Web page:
The Mud Hen Tragedy

Feb 14, 2017

It seems like Almost Yesterday that the Ohio and lower Mississippi Rivers experienced a severe flood. And, this 1937 flood occurred in January and February in the midst of cold, snow and ice.

From Pittsburgh to Cincinnati, Louisville, Paducah and Cairo the rivers reached record levels.  Desperate calls went out for volunteers to help sand bag.

One young man who volunteered was Robert “R. E.” Tompkins of Campbell, Missouri. A young man of 18, R.E. traveled to New Madrid where he joined others on a wooden barge that was pushed north toward Birds Point and Cairo, Illinois by a tow boat named the “Mud Hen.” Approaching bird’s point the wooden barge hit a partially submerged tree resulting in damage to the front of the barge, but they continued on, dropping the men at bird’s point to join in a massive sand bagging effort.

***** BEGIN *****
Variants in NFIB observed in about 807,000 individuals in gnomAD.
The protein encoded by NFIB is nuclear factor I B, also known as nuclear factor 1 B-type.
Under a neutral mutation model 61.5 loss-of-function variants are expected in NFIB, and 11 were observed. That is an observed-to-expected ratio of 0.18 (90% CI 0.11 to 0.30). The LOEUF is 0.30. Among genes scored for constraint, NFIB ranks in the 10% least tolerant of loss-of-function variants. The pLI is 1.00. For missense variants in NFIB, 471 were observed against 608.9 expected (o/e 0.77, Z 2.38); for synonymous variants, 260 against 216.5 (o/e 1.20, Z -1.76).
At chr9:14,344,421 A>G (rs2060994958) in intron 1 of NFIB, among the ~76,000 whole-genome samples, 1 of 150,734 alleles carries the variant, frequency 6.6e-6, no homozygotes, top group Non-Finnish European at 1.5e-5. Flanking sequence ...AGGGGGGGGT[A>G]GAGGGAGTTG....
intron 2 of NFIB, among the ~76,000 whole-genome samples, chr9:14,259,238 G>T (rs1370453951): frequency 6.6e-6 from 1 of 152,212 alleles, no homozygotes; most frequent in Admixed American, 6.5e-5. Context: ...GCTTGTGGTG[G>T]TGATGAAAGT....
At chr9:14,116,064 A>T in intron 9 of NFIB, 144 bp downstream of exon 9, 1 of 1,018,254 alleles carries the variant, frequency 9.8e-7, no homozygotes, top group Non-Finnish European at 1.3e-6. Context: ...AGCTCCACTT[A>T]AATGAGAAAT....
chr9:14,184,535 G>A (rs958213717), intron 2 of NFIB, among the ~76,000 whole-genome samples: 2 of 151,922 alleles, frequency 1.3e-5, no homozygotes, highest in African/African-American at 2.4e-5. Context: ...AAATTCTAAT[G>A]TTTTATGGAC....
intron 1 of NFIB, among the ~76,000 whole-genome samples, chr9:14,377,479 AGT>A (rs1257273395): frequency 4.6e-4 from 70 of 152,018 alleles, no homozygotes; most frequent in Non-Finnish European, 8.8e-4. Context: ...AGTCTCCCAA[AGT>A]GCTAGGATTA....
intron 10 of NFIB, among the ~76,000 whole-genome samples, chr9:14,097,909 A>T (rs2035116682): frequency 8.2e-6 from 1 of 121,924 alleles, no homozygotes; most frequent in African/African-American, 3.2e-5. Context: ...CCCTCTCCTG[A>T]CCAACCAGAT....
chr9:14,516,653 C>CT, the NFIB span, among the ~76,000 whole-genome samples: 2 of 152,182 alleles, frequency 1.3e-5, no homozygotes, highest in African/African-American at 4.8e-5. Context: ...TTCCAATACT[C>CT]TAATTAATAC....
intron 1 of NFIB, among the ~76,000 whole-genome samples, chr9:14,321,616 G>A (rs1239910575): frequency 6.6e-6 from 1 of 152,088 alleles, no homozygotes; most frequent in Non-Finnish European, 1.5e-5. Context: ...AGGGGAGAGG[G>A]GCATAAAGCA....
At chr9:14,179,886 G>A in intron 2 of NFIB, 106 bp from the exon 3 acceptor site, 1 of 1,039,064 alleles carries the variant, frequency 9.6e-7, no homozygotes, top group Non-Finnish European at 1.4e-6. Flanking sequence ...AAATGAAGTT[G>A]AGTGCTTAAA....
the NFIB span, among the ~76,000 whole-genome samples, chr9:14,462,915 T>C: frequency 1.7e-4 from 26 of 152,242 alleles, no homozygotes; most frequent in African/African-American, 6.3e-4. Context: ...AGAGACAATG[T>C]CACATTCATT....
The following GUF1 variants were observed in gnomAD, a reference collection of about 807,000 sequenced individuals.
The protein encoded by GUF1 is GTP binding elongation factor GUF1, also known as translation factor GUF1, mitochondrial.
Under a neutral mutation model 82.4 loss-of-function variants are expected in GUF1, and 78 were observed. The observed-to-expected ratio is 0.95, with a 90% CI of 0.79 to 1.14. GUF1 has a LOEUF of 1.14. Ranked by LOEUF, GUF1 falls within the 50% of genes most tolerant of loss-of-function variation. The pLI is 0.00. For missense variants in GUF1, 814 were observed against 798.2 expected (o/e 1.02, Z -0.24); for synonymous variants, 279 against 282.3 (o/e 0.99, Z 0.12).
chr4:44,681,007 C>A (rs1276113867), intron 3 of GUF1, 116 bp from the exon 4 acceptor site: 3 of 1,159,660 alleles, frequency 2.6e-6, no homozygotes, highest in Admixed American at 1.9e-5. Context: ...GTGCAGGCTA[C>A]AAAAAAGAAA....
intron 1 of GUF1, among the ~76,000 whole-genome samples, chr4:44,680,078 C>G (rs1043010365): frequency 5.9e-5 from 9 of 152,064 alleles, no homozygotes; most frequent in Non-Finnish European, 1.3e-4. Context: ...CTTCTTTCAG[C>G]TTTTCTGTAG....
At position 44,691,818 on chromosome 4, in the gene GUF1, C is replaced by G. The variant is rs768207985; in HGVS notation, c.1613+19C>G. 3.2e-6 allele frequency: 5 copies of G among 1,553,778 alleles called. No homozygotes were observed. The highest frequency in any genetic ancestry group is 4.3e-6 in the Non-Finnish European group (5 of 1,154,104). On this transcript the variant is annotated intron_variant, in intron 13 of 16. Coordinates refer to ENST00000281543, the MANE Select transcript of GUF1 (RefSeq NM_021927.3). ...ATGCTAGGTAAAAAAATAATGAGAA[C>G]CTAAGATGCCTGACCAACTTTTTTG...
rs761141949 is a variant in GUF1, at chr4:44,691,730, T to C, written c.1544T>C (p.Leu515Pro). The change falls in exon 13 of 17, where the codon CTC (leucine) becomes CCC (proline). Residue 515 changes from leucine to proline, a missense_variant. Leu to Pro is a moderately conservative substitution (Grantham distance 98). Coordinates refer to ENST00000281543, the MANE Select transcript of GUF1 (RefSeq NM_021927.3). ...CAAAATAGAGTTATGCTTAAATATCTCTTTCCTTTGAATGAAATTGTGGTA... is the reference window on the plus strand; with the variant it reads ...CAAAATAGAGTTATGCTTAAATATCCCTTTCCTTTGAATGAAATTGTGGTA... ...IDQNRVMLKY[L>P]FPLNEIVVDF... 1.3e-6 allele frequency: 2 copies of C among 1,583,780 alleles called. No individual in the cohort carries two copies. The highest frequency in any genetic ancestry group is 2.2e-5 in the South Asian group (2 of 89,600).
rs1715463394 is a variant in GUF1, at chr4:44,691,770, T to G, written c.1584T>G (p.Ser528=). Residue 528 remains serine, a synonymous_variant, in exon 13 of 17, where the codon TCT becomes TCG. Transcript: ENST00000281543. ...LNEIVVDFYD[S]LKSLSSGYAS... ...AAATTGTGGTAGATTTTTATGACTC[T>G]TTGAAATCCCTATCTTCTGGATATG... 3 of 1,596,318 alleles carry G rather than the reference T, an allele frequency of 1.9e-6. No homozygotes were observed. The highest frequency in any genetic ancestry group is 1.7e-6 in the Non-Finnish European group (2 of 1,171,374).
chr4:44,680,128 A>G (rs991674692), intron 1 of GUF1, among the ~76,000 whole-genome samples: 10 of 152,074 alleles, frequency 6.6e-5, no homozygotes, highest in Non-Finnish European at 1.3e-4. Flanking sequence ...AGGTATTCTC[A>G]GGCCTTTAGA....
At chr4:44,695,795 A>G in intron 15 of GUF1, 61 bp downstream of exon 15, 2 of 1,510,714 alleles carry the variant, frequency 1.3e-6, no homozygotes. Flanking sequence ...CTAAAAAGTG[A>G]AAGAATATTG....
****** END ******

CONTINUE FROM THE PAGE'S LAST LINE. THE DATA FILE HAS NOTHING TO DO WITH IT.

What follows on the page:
There they worked all day and into the night until they were cold and exhausted. Late in the evening the workers were ordered back onto the barge to return to New Madrid for rest and hot food.

A tarpaulin was nailed over the hole in the damaged front of the barge. Soon they began taking on water and men shouted, “We are sinking.”  Panic resulted and men jumped from the barge to board the “Mud Hen”. The crew of the tow boat feared that the men would sink the towboat and used hammers, hatchets and clubs to beat them back. It was a desperate scene. Twenty six men drowned in the cold flood waters.

Fortunately, a crew on a passing tow boat was able to throw lines to some of the men in the water and clinging to the sinking barge, and carry them to the bank. It was a tragedy within a tragedy that seems like Almost Yesterday.